More than 600 people scheduled to take the California bar exam sought refunds following the disclosure that some law school deans were tipped to subject areas to be included in the notoriously difficult test.
The bar permitted requests for a 100% refund to be filed by the morning of the two-day test July 30. Refunds generally are restricted and are proportional to when and for what reason they’re sought.
But the rules here were tossed when exam topics were released last week in an email to deans of 16 law schools. The test is a combination of essay topics and multiple choice.
“We don’t yet have a total for the no-shows for this exam, so we can’t compare this number yet to figures for past exams,” bar spokeswoman Teresa Ruano said in an email. “In July 2018, for example, the no-show rate was a little over 10 percent.”
The tests are administered twice a year at locations throughout California. The bar was expecting more than 9,000 exam takers, Ruano said.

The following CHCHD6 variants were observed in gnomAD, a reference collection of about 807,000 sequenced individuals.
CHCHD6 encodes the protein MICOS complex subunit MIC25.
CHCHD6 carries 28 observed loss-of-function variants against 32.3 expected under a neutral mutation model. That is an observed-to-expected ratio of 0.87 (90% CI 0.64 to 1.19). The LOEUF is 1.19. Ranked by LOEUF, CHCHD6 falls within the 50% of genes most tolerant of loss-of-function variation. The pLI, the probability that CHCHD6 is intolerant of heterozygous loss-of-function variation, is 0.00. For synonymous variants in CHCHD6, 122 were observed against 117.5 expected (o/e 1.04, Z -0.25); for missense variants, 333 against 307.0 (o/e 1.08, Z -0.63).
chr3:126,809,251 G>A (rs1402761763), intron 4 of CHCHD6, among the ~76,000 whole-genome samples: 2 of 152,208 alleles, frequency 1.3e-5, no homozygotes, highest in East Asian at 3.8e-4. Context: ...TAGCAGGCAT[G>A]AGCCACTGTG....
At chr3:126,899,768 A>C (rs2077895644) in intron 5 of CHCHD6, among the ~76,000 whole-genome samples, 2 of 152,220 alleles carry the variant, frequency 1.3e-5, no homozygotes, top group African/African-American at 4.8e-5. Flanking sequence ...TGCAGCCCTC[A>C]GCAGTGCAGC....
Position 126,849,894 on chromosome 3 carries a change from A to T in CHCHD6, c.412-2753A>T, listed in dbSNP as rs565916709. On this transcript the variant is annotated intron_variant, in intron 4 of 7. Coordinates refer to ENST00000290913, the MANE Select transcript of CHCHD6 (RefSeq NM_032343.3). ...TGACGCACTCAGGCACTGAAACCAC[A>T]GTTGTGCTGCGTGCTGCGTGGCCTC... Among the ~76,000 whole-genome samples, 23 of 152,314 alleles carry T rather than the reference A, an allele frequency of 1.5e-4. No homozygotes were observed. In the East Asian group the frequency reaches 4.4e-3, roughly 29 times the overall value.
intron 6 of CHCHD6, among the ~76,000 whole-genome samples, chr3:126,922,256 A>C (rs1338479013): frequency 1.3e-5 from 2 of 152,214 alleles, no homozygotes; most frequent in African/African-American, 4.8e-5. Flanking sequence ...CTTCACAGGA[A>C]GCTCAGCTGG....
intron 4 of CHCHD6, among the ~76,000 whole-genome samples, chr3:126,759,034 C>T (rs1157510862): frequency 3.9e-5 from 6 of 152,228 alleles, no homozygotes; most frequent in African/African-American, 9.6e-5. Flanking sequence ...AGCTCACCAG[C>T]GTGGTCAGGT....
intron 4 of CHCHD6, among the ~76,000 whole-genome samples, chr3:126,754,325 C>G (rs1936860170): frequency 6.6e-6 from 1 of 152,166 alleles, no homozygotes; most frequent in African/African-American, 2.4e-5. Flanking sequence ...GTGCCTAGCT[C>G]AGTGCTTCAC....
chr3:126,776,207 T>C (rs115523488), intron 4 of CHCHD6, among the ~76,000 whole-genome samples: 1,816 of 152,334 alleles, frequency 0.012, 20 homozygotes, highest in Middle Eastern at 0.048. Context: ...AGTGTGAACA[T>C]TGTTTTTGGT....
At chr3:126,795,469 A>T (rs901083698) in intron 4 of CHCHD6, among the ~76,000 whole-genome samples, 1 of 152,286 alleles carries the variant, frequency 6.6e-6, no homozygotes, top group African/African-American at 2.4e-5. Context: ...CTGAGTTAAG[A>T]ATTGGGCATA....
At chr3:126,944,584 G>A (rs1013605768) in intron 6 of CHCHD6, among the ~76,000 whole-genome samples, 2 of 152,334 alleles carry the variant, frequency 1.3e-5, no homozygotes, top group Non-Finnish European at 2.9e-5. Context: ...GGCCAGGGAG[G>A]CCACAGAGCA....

The bar has no evidence that information was shared with students but released the topics to those preparing for the exams, Chief of Programs Donna Hershkowitz said in a statement.
The California Supreme Court opened an investigation and the California Legislature may get involved.
Civil procedure, remedies/constitutional law, criminal law and procedure, professional responsibility, and contracts were the subject areas and tasks for the bar exam that deans could observe, the July 24 email to deans said.
“I feel for all those people who applied to take that test,” said Kendra Basner, a partner with O’Rielly & Roche LLP in San Francisco who is a legal ethics specialist. “I don’t know what ultimately will happen but there really are no winners here.”
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